I am tired of sweeping the floor. I'm not trying to sound ungrateful, I love our floor, I am grateful to have it and the roof that goes over it, but Christ on a crutch, the floor is CONSTANTLY dirty.

When we chose new flooring for our house, the rednecky guy at the flooring store warned me that the dark hardwood I wanted was not the best at disguising dirt. But my heart was set. And, I know flooring was the rednecky guy's business, but he didn't look like he'd spent a whole lot of time cleaning floors in his life. "Women's work," you know; so I doubted him. A really, really, dark floor, I surmised, would be like a dark colored shirt, hiding much more than a white one. Turns out, there is a lot more light colored floor dirt in the world than I'd expected.

It might help if I didn't share the house with a pack of wolves toddler. Violet doesn't try to be messy. Actually, sometimes Violet does try to be messy. But generally, she's just learning. Learning and leaving a trail of learning dust wherever she goes. Most of the floor schmaltz is unrecognizable in its current form; it has just become whitish dust collecting at the doorsteps of all of our kitchen appliances. Sometimes I'll spot a shred of cheese or a square of Life cereal that has been stepped on ever so gingerly allowing it to retain its woven pattern but disintegrate as soon as my fingers reach to scoop it up.

And Shawn, God love him, wears his mud caked work boots in the house every other day tracking bits of grass and mud in just about every room in the house. I think he figures it is the duration of his trip into the house that dictates the necessity of removing his shoes. So if he is only going to be in the house for 3 minutes, he'll leave them on. Never mind that during those three minutes he'll stomp garden dirt from the front door, up the stairs, into the bathroom, back downstairs, through the living room for a check of the score, into the kitchen and past the fridge for a glass of lemonade, and then back out the back door. It looks like that little kid from the Family Circus has been running laps through the house by the time Shawn heads back outside.

Scout tracks in all sorts of crap, too. Even the cat manages to leave footprints on the floor. She doesn't ever leave the house, but she has litter dust to add to the mix. Gross.

Luckily, I don't ever do anything dirty to our floors. At least one of us isn't a slob.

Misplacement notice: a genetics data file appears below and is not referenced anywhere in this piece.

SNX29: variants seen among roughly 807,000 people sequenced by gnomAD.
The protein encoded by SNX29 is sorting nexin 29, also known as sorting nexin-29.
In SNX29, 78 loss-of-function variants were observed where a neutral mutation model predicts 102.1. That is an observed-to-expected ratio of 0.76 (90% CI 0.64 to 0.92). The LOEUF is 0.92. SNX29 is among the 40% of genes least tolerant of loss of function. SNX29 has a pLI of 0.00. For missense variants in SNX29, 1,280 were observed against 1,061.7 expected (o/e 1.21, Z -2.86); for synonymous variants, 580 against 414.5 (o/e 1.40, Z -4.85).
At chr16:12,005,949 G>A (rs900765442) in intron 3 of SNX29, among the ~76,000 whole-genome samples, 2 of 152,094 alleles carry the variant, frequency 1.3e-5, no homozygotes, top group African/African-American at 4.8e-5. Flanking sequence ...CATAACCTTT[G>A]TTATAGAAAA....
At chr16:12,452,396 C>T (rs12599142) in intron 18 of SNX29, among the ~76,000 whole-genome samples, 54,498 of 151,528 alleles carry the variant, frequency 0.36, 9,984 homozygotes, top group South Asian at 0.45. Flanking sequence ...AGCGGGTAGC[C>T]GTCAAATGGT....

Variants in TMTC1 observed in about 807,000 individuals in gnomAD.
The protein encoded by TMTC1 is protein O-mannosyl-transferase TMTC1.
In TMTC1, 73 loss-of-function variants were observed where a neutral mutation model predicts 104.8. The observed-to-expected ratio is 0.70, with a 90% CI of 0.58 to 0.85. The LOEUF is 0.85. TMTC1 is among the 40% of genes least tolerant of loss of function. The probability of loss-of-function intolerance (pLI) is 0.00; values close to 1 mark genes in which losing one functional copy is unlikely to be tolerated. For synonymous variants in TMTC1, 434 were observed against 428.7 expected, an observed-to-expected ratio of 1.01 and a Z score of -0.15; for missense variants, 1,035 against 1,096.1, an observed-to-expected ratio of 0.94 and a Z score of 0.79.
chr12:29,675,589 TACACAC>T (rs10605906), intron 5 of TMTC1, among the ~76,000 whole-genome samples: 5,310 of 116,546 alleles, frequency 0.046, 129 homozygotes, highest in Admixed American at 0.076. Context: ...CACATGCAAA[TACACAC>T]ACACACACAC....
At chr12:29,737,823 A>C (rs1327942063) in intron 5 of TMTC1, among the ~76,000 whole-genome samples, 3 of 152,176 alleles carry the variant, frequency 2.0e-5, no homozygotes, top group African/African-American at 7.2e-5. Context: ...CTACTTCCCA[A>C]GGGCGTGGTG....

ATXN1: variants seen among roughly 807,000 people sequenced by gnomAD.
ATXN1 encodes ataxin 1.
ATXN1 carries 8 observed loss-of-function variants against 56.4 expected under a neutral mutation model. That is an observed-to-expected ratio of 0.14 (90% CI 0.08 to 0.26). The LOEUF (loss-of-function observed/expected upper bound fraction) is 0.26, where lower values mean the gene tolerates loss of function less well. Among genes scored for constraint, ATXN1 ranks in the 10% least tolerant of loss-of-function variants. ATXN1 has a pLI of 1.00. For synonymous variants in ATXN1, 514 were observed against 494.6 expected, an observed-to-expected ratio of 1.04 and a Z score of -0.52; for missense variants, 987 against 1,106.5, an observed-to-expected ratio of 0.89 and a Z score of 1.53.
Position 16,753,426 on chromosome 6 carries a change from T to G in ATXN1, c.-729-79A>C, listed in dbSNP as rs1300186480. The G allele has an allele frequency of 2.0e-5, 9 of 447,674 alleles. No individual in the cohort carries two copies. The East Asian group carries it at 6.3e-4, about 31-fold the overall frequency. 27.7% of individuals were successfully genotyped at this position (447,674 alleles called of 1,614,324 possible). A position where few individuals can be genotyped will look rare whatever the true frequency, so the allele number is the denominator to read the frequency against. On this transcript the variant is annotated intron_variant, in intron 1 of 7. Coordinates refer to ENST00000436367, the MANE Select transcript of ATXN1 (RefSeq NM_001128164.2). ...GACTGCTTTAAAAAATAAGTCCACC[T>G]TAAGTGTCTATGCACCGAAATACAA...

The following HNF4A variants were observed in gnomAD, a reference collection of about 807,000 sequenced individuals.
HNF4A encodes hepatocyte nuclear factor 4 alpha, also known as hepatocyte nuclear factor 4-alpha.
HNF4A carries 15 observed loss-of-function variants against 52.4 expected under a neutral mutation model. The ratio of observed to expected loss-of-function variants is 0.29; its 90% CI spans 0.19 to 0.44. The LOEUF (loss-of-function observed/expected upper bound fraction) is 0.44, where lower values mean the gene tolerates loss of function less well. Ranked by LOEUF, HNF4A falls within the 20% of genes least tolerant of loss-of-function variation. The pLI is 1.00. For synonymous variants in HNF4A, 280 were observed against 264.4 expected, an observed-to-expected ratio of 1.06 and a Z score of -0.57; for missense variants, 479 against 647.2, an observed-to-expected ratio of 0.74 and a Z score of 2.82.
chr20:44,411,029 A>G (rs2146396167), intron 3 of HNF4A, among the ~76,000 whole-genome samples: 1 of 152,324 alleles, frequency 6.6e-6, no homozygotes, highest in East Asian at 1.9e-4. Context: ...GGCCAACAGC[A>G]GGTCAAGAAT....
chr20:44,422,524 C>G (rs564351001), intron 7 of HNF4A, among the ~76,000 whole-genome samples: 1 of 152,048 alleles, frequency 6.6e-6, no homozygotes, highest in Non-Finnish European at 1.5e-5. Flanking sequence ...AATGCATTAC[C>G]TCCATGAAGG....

Sweeping used to be a once-a-week activity in my life. I am at the point now where I am doing it every other day. And everyday probably wouldn't hurt it. I have no idea what is normal for other people but this seems like excessive cleaning to me. I don't know about you, but I can think of four hundred and thirty-six thousand other activities I would rather do than clean my house EVERYDAY. But the spring sunshine bouncing off of the dust bunnies just doesn't make me feel like mother of the year. So I get out the broom. Or the Swiffer. Or the mostly worthless little vacuum that is supposed to easily tackle small jobs like my kitchen floor but is more like a dust bunny Cuisinart the way it spins the fluff away from the suction instead of into it.

I'm trying to keep up but I am really seeing the value of a live-in maid more and more. Or maybe just poorer vision so the dirt wouldn't bother me. Or lower standards. Or maybe we just need to go shoeless indoors, Tokyo-style. And get rid of the pets. And feed Violet exclusively outdoors.

But my guess is that I should just keep the broom handy.

Sunday, April 4, 2010

Who's The Easta Bunny?

If Christmas traditions are etched in stone for my family, Easter ones are more huffed into the fog your breath makes on a window. Shawn and I discovered last night that we couldn't really remember how Easter went or exactly what the bunny did. I have memories of hunting for eggs indoors and outside and filling a woven basket full as I went. Shawn remembered little about his Easter past so he was of little help as I was calling out to him last night questioning the number of candies that went into each plastic egg. He was several beers deep by the time Vi finally crashed (we had cheered Butler on to the NCAA championship) so we improvised on the Bunny rules.

Despite our lack of planning, today we cobbled together a pretty sweet holiday, if I do say so myself. There were parts that were familiar; a family brunch, some egg hunts, deviled eggs, stuffed rabbits, and parts that were new; salmon instead of ham, a family bike ride, watching The Sound of Music (which Violet LOVES--she is so going to be my best friend someday).

And of course, there were tutus. It was just too nice out not to get some naked tutu time in...